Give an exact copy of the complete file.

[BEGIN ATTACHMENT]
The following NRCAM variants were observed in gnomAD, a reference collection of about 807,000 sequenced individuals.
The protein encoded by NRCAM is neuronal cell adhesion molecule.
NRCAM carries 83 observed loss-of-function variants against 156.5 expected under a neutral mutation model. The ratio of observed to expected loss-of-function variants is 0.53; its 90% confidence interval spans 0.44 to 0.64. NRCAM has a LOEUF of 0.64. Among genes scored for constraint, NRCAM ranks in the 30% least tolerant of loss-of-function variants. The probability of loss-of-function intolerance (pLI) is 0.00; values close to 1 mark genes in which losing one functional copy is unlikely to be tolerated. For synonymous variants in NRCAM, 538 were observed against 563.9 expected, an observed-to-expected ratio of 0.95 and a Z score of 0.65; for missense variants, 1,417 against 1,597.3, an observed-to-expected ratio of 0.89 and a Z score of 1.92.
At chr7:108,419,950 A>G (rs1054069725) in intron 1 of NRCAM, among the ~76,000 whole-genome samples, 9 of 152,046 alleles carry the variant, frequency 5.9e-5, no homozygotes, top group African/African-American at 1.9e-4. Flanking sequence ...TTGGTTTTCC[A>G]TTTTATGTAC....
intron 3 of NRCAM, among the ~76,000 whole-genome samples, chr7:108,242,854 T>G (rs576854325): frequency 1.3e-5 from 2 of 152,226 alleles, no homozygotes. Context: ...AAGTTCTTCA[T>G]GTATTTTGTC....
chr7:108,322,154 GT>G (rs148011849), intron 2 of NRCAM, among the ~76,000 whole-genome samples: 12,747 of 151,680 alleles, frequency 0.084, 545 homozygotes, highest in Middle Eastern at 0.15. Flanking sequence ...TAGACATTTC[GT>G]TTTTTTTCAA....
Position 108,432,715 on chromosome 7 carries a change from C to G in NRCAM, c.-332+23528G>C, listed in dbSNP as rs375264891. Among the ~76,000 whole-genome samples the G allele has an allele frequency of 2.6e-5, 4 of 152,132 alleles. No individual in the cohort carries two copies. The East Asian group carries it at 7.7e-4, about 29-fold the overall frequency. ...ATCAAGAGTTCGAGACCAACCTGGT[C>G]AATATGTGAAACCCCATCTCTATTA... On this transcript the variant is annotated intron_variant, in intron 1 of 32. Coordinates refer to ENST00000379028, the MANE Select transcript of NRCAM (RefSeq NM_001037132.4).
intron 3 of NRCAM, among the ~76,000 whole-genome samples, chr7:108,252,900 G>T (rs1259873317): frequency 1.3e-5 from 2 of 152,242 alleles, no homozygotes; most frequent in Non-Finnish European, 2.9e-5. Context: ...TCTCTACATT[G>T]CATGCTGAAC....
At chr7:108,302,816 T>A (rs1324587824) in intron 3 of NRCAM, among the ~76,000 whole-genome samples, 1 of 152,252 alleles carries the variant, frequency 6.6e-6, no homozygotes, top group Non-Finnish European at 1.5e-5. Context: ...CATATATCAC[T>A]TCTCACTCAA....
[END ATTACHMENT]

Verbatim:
The following NRCAM variants were observed in gnomAD, a reference collection of about 807,000 sequenced individuals.
The protein encoded by NRCAM is neuronal cell adhesion molecule.
NRCAM carries 83 observed loss-of-function variants against 156.5 expected under a neutral mutation model. The ratio of observed to expected loss-of-function variants is 0.53; its 90% confidence interval spans 0.44 to 0.64. NRCAM has a LOEUF of 0.64. Among genes scored for constraint, NRCAM ranks in the 30% least tolerant of loss-of-function variants. The probability of loss-of-function intolerance (pLI) is 0.00; values close to 1 mark genes in which losing one functional copy is unlikely to be tolerated. For synonymous variants in NRCAM, 538 were observed against 563.9 expected, an observed-to-expected ratio of 0.95 and a Z score of 0.65; for missense variants, 1,417 against 1,597.3, an observed-to-expected ratio of 0.89 and a Z score of 1.92.
At chr7:108,419,950 A>G (rs1054069725) in intron 1 of NRCAM, among the ~76,000 whole-genome samples, 9 of 152,046 alleles carry the variant, frequency 5.9e-5, no homozygotes, top group African/African-American at 1.9e-4. Flanking sequence ...TTGGTTTTCC[A>G]TTTTATGTAC....
intron 3 of NRCAM, among the ~76,000 whole-genome samples, chr7:108,242,854 T>G (rs576854325): frequency 1.3e-5 from 2 of 152,226 alleles, no homozygotes. Context: ...AAGTTCTTCA[T>G]GTATTTTGTC....
chr7:108,322,154 GT>G (rs148011849), intron 2 of NRCAM, among the ~76,000 whole-genome samples: 12,747 of 151,680 alleles, frequency 0.084, 545 homozygotes, highest in Middle Eastern at 0.15. Flanking sequence ...TAGACATTTC[GT>G]TTTTTTTCAA....
Position 108,432,715 on chromosome 7 carries a change from C to G in NRCAM, c.-332+23528G>C, listed in dbSNP as rs375264891. Among the ~76,000 whole-genome samples the G allele has an allele frequency of 2.6e-5, 4 of 152,132 alleles. No individual in the cohort carries two copies. The East Asian group carries it at 7.7e-4, about 29-fold the overall frequency. ...ATCAAGAGTTCGAGACCAACCTGGT[C>G]AATATGTGAAACCCCATCTCTATTA... On this transcript the variant is annotated intron_variant, in intron 1 of 32. Coordinates refer to ENST00000379028, the MANE Select transcript of NRCAM (RefSeq NM_001037132.4).
intron 3 of NRCAM, among the ~76,000 whole-genome samples, chr7:108,252,900 G>T (rs1259873317): frequency 1.3e-5 from 2 of 152,242 alleles, no homozygotes; most frequent in Non-Finnish European, 2.9e-5. Context: ...TCTCTACATT[G>T]CATGCTGAAC....
At chr7:108,302,816 T>A (rs1324587824) in intron 3 of NRCAM, among the ~76,000 whole-genome samples, 1 of 152,252 alleles carries the variant, frequency 6.6e-6, no homozygotes, top group Non-Finnish European at 1.5e-5. Context: ...CATATATCAC[T>A]TCTCACTCAA....